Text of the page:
The Exploring Majors Fair provided an informative and friendly atmosphere last week for students looking to investigate possible majors and careers. The initial quiet of the outdoor quad belied the dull roar of the indoor one, which was busy Wednesday, Oct. 26 with faculty, staff and students hurrying between tables and talking excitedly.
Third-year student Jonathan Mendez was especially exuberant.
“I want to see what else is here,” said Mendez, who was looking for a minor to supplement his art major.
Much like Mendez, many students went from table to table conversing with the program representatives about their future plans.
Seventeen of the 33 Los Medanos College majors had tables decorated with posters, props and flyers, and many were designed to grab attention. The English Department’s table staffed by professor Jill Buettner-Ouellette, had a typewriter for students to collaboratively write a story.
Buettner-Ouellette emphasized how studying English can build empathy, adding it “puts you in touch with your own humanity.”
Justin Kirk and Rob Grantham, two Appliance Service Technology students came out to help promote their program.
“With this you can transfer anywhere,” Grantham said. “We want to create opportunities for students and help them get jobs while they’re in school and after,” Kirk added.
Also available to help students was Janice Townsend, a professor representing the child development major.
“Every day you change lives,” said Townsend, explaining how vital child development and early childcare is.
Townsend was also excited for a new spring course, “Teaching in a Diverse Society,” that deals with race and sexuality and emphasizes acceptance among educators and those who work with children.
Director of Transfer and Career Services Kristen Connor organized the event with the purpose of helping students see where the classes they are enrolled in can take them.
“My goal for the majors fair was to expose students to the variety of majors and career options at LMC,” said Conner, reiterating the importance for students to be more knowledgeable and confident about the choices they make regarding their educational experience.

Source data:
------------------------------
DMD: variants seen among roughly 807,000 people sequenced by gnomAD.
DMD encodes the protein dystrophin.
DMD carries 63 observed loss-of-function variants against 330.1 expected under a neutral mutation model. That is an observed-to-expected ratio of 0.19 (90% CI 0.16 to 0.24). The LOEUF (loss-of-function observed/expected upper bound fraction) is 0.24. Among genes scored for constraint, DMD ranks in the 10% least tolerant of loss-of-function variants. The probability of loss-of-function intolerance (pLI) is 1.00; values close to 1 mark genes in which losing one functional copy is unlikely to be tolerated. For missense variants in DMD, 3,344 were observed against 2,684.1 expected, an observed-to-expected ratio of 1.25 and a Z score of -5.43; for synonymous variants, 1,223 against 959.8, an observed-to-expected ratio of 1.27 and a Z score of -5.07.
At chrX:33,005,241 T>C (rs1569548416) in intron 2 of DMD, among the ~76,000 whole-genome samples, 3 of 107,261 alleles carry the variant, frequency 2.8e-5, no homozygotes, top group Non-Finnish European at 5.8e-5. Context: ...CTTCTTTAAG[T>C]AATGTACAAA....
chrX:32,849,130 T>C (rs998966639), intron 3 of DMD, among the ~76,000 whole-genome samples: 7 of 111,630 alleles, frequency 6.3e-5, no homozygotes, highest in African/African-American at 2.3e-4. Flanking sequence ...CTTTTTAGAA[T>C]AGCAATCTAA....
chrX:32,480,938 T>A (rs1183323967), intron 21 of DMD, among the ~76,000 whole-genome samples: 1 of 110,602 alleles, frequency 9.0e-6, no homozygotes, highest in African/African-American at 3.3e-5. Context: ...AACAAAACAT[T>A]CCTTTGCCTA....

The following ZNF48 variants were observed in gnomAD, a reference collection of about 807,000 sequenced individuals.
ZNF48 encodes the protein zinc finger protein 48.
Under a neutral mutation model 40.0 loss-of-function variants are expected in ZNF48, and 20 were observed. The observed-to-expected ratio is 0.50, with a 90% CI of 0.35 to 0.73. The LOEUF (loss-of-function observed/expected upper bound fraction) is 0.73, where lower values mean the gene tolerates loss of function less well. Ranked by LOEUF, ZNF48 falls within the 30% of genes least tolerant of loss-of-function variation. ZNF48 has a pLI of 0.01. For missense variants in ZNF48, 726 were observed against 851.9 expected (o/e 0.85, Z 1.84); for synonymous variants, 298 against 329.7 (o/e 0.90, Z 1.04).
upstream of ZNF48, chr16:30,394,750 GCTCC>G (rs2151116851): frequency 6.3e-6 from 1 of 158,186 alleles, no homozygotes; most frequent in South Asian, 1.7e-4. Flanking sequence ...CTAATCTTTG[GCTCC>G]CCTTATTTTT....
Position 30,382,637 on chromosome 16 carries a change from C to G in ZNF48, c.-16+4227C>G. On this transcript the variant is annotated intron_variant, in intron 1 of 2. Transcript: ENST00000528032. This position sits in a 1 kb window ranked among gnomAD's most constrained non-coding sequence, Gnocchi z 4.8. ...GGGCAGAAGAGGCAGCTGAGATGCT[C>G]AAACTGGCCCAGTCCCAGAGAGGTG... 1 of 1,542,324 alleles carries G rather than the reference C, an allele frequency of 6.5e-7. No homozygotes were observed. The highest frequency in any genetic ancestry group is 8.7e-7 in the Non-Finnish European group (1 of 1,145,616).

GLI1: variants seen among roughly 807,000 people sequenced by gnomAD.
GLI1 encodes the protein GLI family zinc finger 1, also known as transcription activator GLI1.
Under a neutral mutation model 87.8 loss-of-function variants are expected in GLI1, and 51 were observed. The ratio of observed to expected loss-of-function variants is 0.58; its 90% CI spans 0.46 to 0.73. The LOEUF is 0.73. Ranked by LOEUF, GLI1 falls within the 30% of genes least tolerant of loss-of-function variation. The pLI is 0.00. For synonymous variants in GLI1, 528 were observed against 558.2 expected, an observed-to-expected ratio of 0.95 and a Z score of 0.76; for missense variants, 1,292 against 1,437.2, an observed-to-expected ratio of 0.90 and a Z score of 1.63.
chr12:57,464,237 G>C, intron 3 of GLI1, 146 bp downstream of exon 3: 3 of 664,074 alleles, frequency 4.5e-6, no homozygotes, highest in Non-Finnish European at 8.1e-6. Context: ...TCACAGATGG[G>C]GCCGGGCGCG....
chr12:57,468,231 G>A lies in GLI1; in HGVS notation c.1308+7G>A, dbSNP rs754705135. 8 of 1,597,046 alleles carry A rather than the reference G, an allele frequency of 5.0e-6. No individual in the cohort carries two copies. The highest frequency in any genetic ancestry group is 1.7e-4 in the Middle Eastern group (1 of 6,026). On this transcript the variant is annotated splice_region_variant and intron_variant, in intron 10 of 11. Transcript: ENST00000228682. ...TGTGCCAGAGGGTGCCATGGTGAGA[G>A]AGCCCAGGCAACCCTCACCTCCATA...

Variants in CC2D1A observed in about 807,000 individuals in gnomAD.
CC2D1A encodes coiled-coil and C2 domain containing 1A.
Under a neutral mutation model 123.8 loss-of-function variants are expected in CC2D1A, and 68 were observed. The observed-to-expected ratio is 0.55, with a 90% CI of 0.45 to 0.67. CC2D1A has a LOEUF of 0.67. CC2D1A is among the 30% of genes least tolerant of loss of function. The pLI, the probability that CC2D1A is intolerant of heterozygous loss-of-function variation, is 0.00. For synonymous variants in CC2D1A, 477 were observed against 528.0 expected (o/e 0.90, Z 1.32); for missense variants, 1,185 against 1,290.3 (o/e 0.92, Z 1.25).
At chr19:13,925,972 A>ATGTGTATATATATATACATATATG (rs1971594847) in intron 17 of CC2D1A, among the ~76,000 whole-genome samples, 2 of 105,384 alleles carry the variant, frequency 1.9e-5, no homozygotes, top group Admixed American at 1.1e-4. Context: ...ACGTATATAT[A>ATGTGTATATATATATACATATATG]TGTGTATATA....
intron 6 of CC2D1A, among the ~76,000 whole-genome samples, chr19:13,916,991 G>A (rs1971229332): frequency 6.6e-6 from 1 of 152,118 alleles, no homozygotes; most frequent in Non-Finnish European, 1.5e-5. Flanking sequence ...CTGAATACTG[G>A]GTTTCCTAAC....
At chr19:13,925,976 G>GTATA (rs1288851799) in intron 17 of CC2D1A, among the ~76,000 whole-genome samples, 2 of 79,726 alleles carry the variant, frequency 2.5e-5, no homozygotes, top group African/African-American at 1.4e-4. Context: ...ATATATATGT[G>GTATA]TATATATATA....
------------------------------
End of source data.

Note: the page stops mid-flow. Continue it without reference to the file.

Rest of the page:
There are a lot of students who have not declared majors and who have doubts about what kind of careers they can pursue within their program, she said, often leading them to take longer completing their general education requirements.
“I am undecided right now,” said third-semester student Maika Jimenez. “I’ve seen a lot of info and maybe this will help me make a decision on a major.”
A second-year student struggling to understand requirements found the event helpful in solving her problem.
“I knew that I wanted to take child development, but was unsure how to proceed with it. This is my third time changing my major within a year, I was worried that I would not be able to graduate on time,” Evette Gillard. “But I just spoke with a lady in the department of child development and she has already helped me map out what classes I need to take next semester.”
Tyerisha Collins, who is majoring in Fine Arts, witnessed the event’s success first-hand.
“I am only working as a student volunteer but numerous students have wandered to my table with nervous and confused looks on their faces. By the time they finish talking to us, they seem generally interested in what we have to offer, It doesn’t have to be this major specifically, but at least they have sparked interest somewhere,” she said.
The fair also worked as a platform for students to become more aware of the various resources available to them.
Javier Leyla, who works in the Financial Aid Office, said he was eager to inform students about the money available to help them.
“I feel that students are a lot more receptive in this specific environment, compared to when they are trying to meet deadlines for financial aid,” he said.
The Library highlighted other ways to get info on campus about career choices.
“We have books and resources for students trying to choose a career,” said librarian Leila Swisher. At her table were books like “Book of Majors” and “100 Fastest-Growing Careers.”
“There are also research guides on the LMC website that focus on job searching,” she added.
Student activities and clubs were also well represented at the fair. Several sold refreshments and confections to support themselves, and club reps hustled back and forth hawking their wares.
The R.E.A.D. club, represented by RC Kubota, was fundraising by selling books at two for a dollar.
Kubota’s rallying cry was “make textbooks more affordable.” Her club’s crusade is for affordable textbooks and making them more available to underprivileged students.
The Nurses Club sold bakery goods for a dollar to raise money for their pinning ceremony at the end of their program. First-year LMC vocational student Sheila Polynice said she appreciated the opportunity to participate in the fair.
“Since the school doesn’t fund our pinning ceremony at the end of our program we are trying to raise as much money as possible to make it happen,” she said.
Before leaving the event, students could stop by Connor’s table for a free flash drive in exchange for completing a survey, giving feedback on the fair. The flash drive provided degree checklists, career assessments, and resume handouts.
Emmanuel Pantoja, who works in Transfer and Career Services, said he believes the Exploring Majors Fair was helpful for students because it provided them with the necessary information for a solid foundation of what to do as a student.
“Students will finish LMC fast, find a career and centralize energy into a successful future,” he said.
— Zachary Said, Ariel Stevenson and Cameron Toth contributed to this report